Country’s True Outlaw Paul English Passes
Willie Nelson’s drummer/enforcer dead at 87
By Kevin Curtin,
3:10PM, Wed. Feb. 12, 2020
Paul English, longtime drummer, intimidator, and right hand man for Willie Nelson, died yesterday at age 87.
Among the practitioners of the largely Texas-spawned “outlaw country” movement, English stood as the realest of them all. Born near the Texas panhandle in Vernon as Robert Paul English, he boasted a well-known criminal past as an oft-arrested street hustler and pimp on the underbelly of Fort Worth in the Fifties. A primal percussionist who’d grown up playing trumpet, he admitted in a 1981 interview with Modern Drummer that he began playing drums by “accident.”
English had been running his own leather shop in 1954, when he got a call from one of his brothers to come in and play snare and brushes on a radio show with Nelson. At the time, he’d never played drums, but he did anyway and, over the next few weeks of unpaid gigging, accumulated a hi-hat, bass drum, snare, and one cymbal.
“I didn’t know what to do with a pair of sticks at that time,” English told the magazine. “But, after about six weeks, the band got a job and they all asked Willie, ‘Well, who do you want to get as a drummer?’ And good ol’ Willie said, ‘Well, I think we ought to use Paul. He’s been working six weeks for nothing!’”
In 1966, English joined the band full time and soon took on the roles of muscle, accountant, and bagman for the ever-touring group. He also became best friend to bandleader. In turn, Nelson honored him with the song “Me and Paul” from 1971’s Yesterday Wine:
“I guess Nashville was the roughest,
But I know I've said the same about them all.
We received our education
In the cities of the nation, me and Paul.”
Sporting villainous facial hair and always dressed entirely in black – sometimes even wearing a cape – English chose a look that portended his real-life toughness. In Joe Nick Patoski’s definitive Paul English feature from the 2015 Texas music issue of Oxford American, Paul English Jr. attested, “If you’re writing songs about shooting people, it’s nice to have a guy who’s shot people up there onstage with you.”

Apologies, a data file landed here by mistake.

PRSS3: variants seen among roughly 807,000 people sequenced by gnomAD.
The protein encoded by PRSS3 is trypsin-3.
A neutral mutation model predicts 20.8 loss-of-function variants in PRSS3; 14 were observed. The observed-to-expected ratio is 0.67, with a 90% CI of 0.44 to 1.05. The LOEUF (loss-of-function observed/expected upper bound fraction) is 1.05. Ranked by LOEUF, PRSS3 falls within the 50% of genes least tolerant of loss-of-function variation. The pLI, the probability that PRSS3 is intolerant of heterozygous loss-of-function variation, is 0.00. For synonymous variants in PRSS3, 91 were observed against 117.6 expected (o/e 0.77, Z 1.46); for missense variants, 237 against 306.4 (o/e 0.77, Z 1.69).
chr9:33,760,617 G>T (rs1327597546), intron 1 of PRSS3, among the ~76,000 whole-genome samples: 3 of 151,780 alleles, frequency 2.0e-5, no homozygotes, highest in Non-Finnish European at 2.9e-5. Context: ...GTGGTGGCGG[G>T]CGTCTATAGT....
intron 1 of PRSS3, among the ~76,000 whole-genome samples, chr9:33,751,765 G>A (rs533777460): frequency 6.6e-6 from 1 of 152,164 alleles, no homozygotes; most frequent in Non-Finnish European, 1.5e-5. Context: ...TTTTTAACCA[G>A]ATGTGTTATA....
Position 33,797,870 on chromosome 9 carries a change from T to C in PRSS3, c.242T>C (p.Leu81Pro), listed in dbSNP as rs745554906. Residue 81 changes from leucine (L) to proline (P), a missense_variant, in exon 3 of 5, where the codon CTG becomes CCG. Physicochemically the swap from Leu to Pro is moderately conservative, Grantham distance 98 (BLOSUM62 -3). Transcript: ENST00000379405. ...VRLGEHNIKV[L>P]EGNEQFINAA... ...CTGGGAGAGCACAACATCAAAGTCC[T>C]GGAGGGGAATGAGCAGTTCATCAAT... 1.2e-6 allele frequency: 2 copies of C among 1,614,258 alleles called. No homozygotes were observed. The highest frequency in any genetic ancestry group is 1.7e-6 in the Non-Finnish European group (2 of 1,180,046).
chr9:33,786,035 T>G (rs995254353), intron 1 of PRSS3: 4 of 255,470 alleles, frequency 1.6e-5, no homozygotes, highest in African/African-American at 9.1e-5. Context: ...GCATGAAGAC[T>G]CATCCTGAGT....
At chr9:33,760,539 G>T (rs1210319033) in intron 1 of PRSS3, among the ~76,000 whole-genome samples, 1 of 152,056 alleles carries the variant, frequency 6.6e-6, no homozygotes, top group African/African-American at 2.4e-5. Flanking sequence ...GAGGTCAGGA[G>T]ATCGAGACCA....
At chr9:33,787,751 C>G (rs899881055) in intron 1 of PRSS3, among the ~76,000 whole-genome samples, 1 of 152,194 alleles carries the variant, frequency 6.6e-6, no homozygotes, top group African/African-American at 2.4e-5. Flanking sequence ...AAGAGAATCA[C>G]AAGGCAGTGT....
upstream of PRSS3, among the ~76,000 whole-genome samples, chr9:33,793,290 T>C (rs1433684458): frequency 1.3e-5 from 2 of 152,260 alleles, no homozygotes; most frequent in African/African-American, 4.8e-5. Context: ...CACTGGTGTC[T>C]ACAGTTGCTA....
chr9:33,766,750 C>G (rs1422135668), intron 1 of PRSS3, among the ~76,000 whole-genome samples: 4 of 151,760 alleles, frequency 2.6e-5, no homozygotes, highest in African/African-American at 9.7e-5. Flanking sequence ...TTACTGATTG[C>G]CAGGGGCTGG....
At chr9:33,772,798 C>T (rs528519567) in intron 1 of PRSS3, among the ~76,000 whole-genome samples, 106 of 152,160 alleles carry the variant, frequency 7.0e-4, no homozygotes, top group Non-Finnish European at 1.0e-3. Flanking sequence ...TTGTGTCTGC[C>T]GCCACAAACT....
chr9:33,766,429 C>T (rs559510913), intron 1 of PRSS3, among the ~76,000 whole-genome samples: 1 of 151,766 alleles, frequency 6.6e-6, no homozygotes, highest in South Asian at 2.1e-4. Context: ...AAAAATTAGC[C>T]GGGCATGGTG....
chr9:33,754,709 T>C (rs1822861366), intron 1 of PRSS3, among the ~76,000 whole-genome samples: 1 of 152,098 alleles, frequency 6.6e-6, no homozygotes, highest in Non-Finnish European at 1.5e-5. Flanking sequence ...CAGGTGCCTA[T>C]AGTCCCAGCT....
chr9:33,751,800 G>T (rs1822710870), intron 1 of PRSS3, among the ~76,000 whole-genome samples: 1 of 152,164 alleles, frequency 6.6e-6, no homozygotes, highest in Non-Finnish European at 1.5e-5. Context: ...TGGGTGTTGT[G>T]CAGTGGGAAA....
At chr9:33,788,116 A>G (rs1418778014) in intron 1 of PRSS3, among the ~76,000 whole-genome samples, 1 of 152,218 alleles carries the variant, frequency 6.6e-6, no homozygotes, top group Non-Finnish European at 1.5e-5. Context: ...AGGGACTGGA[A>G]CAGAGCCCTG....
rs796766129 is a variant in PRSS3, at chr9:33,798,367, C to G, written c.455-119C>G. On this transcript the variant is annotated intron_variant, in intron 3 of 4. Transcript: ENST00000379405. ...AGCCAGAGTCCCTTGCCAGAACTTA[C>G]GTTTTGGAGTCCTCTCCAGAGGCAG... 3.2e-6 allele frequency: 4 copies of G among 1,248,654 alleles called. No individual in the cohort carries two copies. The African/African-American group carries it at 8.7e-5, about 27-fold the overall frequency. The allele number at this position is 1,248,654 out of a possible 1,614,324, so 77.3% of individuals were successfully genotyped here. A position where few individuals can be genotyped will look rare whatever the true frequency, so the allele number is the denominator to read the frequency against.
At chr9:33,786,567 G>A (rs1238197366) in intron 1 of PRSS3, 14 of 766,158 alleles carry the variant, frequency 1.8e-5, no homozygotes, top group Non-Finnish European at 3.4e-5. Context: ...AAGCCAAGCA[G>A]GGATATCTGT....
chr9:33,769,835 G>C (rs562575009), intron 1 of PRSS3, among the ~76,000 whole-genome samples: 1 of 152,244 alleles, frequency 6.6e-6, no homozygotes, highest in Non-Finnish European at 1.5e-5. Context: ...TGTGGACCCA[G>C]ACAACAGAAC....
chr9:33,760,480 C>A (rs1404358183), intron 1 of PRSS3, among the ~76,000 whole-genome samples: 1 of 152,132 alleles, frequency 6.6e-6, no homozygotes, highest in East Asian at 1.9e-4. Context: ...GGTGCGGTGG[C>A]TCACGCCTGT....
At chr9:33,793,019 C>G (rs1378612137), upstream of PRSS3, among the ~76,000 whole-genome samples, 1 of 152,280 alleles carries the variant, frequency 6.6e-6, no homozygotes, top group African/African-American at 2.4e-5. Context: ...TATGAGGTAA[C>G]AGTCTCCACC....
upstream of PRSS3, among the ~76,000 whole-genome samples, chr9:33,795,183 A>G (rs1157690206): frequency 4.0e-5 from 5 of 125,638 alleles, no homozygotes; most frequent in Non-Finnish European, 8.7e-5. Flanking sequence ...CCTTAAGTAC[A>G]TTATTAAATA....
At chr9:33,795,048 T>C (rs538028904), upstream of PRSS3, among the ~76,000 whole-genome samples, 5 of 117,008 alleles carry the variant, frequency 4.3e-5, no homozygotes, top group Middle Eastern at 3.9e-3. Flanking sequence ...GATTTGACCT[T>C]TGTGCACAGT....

In fact, the senior English became (in)famous for his willingness to whip out the .22 caliber pistol he carried. At Nelson’s Fourth of July Picnic in 1975 at Liberty Hill, rainfall filled a tarp covering the stage. When the weight of the water looked like it would topple the platform, Paul pulled out his gun and shot a few drain holes in it.
There are also stories where he sent intentionally off-target bullets toward a bandmate and one of Willie’s son-in-laws to send messages.
English remained such a crucial part of Nelson’s touring institution that he maintained his own specially designed tour bus, which generated national news in 2014 when it popped up on Craigslist. Beginning in the Eighties, Paul shared percussion duties with his younger brother Billy English. While his instrumental skills remained merely workmanlike, Paul English’s true outlaw nature made him one of the genre’s best known drummers.